Now, the three others have headed out to find dinner and I am going to bed. Bed triumphs over eating any day!

March 9, 2009

India, Travel, Uncategorized

We had a simple breakfast this morning before heading out on our tour of the city. I have started bringing my little jar of peanut butter to breakfast with me because I only have 5 days to use it up! And, the protein is a nice change from eggs. Remind me not to buy any eggs when I am doing groceries next Sunday!!
We headed to the lake first. It was interesting because the main gate into the lake was constructed by a woman – back many years ago. And, because the King let her construct the gate, he was taunted. He was going to go destroy the gate, but in the mean time, the lady changed the gate into a temple (by putting a small statue of Krishna by the gate and worshipping it all night long). This meant that the King couldn’t destroy the temple! To this day, no King has walked through the gate!! A small, secondary gate was constructed for him to access the lake.
The pond is very low right now, and because of this there is a very, very high concentration of catfish!!! It was a very weird sight to see! We got a loaf of bread to feed these catfish and they came by the hundreds – swimming right up to the shore, huge mouths open, on top of each other….ugggg….it was really weird and kind of creepy! Before the lake dries up every year, the government comes and relocates the fish. Then, after the lake fills up during the monsoon season, they put the fish back in the lake so that they will eat the mosquito larvae!
We then went up to the car park just below the main entrance to the fort. We walked up the steep ramp into the main area of the fort. It was a very nice fort, and much different than the other forts we have visited thus far because this is the first one where people actually live within the walls of the fort and it isn’t just all museum. It was nice to wander through the narrow, shady streets and see how people are living and what they are selling – much less pressure than some of the other areas we have visited. Perhaps I am just getting used to it?!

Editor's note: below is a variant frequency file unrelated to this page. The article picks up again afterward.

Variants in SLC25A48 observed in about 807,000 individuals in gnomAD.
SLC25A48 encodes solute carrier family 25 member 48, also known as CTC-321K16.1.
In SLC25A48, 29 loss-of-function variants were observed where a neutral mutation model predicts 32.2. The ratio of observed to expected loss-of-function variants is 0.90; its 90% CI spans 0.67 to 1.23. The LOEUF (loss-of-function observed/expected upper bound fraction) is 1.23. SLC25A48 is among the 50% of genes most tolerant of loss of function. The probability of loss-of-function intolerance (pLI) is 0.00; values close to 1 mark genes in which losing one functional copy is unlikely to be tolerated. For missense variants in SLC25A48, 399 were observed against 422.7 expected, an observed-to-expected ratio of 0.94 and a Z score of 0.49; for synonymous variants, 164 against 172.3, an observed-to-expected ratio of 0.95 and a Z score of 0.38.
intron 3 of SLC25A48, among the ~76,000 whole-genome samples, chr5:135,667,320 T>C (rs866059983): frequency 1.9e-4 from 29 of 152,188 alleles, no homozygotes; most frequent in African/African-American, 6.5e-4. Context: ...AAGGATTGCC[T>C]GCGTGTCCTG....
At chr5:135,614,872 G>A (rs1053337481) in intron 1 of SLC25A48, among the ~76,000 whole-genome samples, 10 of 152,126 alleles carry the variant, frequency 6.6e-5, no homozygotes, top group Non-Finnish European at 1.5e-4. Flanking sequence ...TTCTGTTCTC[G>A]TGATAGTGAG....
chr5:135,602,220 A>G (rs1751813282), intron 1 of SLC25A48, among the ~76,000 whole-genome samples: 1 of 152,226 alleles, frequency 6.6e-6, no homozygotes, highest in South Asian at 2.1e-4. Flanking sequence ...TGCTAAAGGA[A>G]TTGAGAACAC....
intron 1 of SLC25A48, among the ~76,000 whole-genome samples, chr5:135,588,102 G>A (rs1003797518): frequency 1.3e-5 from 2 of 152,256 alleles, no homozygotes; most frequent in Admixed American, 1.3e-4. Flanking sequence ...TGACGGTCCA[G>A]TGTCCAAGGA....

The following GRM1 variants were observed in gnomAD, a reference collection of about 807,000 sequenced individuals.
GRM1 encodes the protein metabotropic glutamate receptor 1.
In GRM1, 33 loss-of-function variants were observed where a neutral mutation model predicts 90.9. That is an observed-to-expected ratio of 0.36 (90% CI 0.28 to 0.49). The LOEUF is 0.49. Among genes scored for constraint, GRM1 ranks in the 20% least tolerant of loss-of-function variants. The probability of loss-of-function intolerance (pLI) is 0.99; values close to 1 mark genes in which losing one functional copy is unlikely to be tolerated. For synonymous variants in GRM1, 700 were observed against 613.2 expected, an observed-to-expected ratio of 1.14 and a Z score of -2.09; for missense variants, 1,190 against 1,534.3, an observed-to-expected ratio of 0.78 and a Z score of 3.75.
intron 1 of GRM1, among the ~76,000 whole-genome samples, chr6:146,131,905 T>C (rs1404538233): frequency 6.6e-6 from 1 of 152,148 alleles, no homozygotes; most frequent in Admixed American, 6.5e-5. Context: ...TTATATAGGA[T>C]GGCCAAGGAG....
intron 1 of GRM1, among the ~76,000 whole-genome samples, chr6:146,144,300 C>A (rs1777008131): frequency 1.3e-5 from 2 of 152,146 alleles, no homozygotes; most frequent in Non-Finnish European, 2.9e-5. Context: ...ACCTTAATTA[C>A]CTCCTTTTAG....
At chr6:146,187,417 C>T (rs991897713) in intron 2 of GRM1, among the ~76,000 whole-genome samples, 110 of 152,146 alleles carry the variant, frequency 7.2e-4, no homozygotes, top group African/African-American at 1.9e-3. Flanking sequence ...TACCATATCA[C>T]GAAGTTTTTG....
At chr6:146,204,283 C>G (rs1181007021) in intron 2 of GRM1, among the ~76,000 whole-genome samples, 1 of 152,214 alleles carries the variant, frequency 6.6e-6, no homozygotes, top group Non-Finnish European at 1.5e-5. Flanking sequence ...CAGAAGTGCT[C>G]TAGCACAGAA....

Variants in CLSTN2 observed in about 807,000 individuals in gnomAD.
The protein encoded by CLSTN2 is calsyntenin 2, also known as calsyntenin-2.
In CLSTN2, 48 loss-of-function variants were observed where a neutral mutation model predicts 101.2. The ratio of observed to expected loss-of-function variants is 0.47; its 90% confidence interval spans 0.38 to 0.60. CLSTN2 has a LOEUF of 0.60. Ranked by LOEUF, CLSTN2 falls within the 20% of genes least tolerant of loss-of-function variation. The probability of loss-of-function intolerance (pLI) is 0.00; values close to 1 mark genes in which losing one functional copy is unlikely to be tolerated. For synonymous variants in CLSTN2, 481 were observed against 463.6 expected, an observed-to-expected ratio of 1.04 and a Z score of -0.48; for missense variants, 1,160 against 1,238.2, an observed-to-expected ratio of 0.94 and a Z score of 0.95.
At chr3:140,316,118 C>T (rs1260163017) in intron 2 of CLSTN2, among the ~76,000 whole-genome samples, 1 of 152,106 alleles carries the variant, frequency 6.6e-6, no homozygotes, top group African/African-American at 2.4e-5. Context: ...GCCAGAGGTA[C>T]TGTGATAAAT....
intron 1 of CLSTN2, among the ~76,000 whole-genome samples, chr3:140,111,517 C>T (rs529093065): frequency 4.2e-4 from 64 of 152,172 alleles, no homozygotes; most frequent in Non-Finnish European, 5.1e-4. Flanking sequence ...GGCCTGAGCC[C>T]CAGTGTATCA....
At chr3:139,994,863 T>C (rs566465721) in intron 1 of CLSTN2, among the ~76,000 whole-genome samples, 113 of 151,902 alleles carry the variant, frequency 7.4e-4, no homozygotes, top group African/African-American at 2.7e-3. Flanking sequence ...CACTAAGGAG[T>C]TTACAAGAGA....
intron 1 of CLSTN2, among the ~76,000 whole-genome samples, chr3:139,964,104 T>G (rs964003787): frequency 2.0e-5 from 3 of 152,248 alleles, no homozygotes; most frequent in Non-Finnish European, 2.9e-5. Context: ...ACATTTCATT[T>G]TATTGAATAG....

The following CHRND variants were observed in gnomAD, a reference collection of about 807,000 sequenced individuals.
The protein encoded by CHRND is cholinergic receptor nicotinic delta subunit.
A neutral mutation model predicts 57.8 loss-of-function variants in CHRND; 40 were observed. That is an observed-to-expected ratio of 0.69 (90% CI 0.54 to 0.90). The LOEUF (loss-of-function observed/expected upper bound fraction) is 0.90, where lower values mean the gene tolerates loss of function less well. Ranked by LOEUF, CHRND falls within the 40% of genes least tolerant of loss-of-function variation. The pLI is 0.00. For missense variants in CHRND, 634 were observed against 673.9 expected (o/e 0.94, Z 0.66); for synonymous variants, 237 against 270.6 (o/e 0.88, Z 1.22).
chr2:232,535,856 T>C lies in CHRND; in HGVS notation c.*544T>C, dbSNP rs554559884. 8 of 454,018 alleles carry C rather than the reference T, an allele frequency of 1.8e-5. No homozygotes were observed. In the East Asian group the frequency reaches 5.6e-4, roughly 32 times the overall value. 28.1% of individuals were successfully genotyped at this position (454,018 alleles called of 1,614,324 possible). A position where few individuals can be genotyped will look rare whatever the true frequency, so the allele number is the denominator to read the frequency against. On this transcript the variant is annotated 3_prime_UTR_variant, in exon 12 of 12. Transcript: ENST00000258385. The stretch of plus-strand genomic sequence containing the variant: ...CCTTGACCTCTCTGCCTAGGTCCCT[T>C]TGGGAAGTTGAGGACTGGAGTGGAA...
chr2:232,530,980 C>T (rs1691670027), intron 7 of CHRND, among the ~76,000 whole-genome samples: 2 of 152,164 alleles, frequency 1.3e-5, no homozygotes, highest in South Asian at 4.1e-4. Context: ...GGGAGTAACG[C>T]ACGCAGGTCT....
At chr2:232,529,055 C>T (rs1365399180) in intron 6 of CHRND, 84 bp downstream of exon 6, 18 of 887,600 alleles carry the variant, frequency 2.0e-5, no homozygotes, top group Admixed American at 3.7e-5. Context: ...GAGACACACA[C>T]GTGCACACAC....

Our guide was rather chatty, which was nice. Personal stories always add so much to the tour! There wasn’t too much to actually explain or show us, except the Jain temple (which was very innately carved, but less spectacular to the one we saw previously in Ranakpur. We continued to wander, stopping at a couple of stores here and there. We went into this ring store and I didn’t do so well. It was an amazing store, where the guys carved these intricate designs in silver rings. I immediately fell in love with this ring that has the seven man-made world wonders carved into it. It didn’t fit! Of course…then I got all stressed because I was holding up the tour as we waited for the brother to come with another ring…and then they worked away at it for a while to make it bigger…and I got even more stressed…and there were tears…and I hate making decisions! By that point I didn’t want the ring at all (mom had already bought the same one in her size) and I couldn’t make any decisions, so we left and continued on with the tour. I went back later in the afternoon with Allison and bought the ring, however. It is really cool. I think it could be just a touch bigger – but it is really hot here, so it will probably be the right size once I get home! Anyway, it is neat. And, I do like it. Duh.
We looked at a few more buildings and architecture stuff around the old fort and in areas of the new fort before ending the tour. Mom, dad, and Scott went back to their respective hotels and Allison and I stayed in town to look around some more. We looked at a few skirts and scarves, but didn’t end up buying anything. We stopped in at this very Western-run restaurant and had amazing apple pie and ice cream. Allison also had this mango smoothy – made purely from mangos. It looked great, but I am not really a mango fan! It was nice to take another look around the fort and get a few last pictures before heading back to the hotel. It was a fun fort to wander around in, because there was pretty much one main road, and there were hardly any tourists, or locals, for that matter. Nice and quiet.
I got my palm read by some random Indian lady here today when Allison and I were walking around the fort…it was rather interesting – apparently I am going to have a long life and won’t need any surgeries or serious medical attention. I have issues making my heart and my mind agree on things. In order to rectify this problem, I need to wear rainbow colours (ie in a bracelet). In about 12-18 months a guy will find me and he will be prettier … Read Moreand taller than I am. I will be able to have 3 children, should I so chose. And, I am supposed to drink minimally as this will interfere with my decision making processes.
We hung out at the hotel for a bit before heading off on our camel ride! The ride was rather disappointing, unfortunately. I am glad that I didn’t pay extra for it, because I would have been angry. We got on our camels outside of the hotel here and headed up the highway into town. We turned and went up another highway-like road and stopped at the top! It was only really a 45 minute ride, which would have been fine if we hadn’t just walked on the concrete! I wanted to do some camel riding in the desert!! It was fun, however…just not as desert-y as I would have liked!